The Rule of Thirds in Photography

The rule of thirds is probably one of the fundamentals of photography, knowing it is as important as verifying that you have removed the cap from the lens before taking a photo. If you learn to use it correctly, your images will become much more powerful, and you will also see that you can apply it to all your projects. However, before talking about the rule of thirds, we must first discuss one of the fundamental questions for photography: composition.

Composition: The Basis of a Photograph

Whether it be taking a photo, making a drawing, or designing any type of visual, it is essential to know how to arrange the elements that are going to compose it within the frame, and where to place them. This is what we mean when talking about composition.

It is one of the most important points when putting together an image since it can make all the difference between making it look boring or attractive. Some of the points to keep in mind are:

  • Center of interest: what is the object that I want to stand out in the visual.
  • Proportions
  • Perspectives
  • Rule of thirds

These are just a few examples, and you can find a few more here. 

What Is the Rule of Thirds?

Have you ever enabled an option on your phone or digital camera that made the screen split into 9 squares? Well, my friend, that is precisely the idea behind the rule of thirds, or rather, it is a facilitator for applying the rule of thirds. 

three third rule 4

Basically, this rule is a compositional guide that divides the image into vertical and horizontal thirds, thus forming a grid. According to this rule, if you place the elements you want to photograph on the lines or intersections, the final image will have a greater impact and you will achieve better compositions.

For example, if you want to take a landscape photo and you want to capture the horizon line, try to place it on some of the horizontal lines, not in the middle of the photo.

three third rule 1

Or for example, if you want to photograph a specific object, try placing it on some of the corners of the image, which will help draw more attention to your work.

three third rule 2

The intersections of the lines are also important focal points, especially when taking portraits and detailed photos. You should only try to place the main elements of your images on these points (or as close as possible) so that they stand out.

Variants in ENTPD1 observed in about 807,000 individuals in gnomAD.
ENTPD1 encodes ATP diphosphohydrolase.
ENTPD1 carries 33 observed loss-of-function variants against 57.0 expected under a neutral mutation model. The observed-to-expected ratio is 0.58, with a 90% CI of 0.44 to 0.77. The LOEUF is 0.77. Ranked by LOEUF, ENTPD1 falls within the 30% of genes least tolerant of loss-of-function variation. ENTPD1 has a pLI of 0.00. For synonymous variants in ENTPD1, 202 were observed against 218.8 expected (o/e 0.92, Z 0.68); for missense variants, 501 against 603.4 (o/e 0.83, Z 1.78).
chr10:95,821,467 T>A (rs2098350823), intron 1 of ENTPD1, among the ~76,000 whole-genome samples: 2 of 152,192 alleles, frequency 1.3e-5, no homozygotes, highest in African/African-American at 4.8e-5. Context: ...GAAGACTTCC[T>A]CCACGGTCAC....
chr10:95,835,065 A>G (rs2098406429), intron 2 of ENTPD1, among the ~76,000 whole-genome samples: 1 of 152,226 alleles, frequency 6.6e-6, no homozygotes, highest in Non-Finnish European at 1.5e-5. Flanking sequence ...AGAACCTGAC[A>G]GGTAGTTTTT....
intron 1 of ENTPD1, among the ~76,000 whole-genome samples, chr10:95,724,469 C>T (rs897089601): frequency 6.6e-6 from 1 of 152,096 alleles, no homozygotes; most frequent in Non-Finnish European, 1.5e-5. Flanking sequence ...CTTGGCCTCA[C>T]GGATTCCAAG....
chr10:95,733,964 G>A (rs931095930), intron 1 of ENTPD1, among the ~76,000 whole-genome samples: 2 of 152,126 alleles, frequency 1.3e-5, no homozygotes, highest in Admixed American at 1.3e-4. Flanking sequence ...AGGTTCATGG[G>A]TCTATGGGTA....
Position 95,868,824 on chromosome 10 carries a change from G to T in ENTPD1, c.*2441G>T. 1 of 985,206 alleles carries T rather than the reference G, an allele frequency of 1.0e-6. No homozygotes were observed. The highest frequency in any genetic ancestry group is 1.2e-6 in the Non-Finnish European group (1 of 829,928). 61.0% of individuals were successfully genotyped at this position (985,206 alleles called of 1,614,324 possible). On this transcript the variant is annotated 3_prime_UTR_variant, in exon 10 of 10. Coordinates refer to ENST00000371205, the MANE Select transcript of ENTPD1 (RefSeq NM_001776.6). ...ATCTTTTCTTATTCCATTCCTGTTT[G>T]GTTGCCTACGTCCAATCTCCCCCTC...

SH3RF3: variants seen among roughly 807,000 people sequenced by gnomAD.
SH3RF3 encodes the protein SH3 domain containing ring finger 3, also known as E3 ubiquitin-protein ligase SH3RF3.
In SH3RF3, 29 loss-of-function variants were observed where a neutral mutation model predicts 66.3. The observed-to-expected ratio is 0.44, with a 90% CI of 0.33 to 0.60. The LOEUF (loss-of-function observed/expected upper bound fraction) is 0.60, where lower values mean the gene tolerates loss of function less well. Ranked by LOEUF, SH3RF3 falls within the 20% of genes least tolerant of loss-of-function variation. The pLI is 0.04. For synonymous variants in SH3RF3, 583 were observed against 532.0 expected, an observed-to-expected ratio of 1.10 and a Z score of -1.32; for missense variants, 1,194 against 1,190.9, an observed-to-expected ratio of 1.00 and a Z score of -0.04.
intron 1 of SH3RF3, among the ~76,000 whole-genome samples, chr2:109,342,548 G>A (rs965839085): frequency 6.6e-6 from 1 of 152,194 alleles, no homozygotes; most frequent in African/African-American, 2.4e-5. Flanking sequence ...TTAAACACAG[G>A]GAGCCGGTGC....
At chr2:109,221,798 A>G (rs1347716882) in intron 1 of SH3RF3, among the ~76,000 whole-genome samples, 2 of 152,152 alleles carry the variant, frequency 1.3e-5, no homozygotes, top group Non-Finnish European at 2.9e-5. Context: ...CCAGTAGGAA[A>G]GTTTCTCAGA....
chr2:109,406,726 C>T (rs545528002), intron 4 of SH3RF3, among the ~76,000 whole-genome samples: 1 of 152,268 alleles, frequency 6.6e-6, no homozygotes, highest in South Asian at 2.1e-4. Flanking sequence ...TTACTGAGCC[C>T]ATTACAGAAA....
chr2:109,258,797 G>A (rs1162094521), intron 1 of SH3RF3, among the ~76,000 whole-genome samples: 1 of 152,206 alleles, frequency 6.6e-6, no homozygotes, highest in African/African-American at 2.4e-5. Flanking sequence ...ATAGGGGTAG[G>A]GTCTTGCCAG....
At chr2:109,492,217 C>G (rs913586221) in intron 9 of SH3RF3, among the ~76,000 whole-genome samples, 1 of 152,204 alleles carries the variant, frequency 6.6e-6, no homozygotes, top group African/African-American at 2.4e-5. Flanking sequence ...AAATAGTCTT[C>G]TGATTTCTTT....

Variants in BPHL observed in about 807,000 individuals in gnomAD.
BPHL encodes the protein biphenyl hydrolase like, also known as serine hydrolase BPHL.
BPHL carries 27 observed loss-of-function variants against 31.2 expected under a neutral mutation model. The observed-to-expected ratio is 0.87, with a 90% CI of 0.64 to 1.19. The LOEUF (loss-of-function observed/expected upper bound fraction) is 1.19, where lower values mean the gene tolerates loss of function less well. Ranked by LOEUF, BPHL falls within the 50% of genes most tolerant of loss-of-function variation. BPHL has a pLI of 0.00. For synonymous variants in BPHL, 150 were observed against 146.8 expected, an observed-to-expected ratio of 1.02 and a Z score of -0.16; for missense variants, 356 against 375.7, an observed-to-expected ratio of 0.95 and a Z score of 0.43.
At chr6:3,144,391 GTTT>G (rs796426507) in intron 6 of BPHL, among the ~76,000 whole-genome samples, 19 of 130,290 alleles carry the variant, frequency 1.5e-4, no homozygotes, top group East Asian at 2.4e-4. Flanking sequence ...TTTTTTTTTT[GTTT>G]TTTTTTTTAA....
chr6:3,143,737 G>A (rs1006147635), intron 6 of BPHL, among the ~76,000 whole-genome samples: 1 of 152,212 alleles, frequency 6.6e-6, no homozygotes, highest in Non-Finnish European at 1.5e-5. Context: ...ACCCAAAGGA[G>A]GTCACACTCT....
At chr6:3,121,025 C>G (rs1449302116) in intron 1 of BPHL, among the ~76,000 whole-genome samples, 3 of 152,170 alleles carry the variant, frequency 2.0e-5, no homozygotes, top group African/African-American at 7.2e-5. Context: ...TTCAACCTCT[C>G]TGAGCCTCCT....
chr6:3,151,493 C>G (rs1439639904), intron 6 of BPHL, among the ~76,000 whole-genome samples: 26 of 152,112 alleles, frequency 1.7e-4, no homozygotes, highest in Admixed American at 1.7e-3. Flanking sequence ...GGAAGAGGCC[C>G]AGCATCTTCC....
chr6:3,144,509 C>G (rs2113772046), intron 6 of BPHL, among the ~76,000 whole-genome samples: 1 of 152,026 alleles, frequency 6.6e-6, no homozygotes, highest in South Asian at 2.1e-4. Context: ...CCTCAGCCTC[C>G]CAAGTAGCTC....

three third rule 3

Rules Are There to Be Broken

With this title, we are not promoting anarchy. Far from it! 

As you can see, the rule of thirds is quite simple, and it is a powerful tool to help you achieve more captivating photographs. That said, however, you do not always have to follow it to the letter. Each image may require a different approach given that, in reality, sometimes capturing a moment is more important than following this compositional guideline. Or, depending on the image you want to create, you can even take advantage of other types of compositions like these:

  • Vertical and horizontal composition: this type of image presents a predominant element that is positioned along one of the middle lines that divide the frame.
  • Cross composition: this example is especially useful for creating a sense of stability.
  • Triangular composition: the secret lies in ordering or presenting the elements of the image in such a way that they form a triangle. This composition is very useful for creating hierarchies between objects at a glance.
  • Symmetries and patterns: something interesting about this type of composition is that they are usually very eye-catching, and it is believed that the reason has to do with the fact that it generates a certain sense of tranquility at a cognitive level.

Knowing the different types of compositions and, above all, learning to use them, will help enable us to take better photographs and even design much more impressive visual pieces. So now it’s up to you to create pieces as amazing and inspiring as the ones you find every day on Freepik.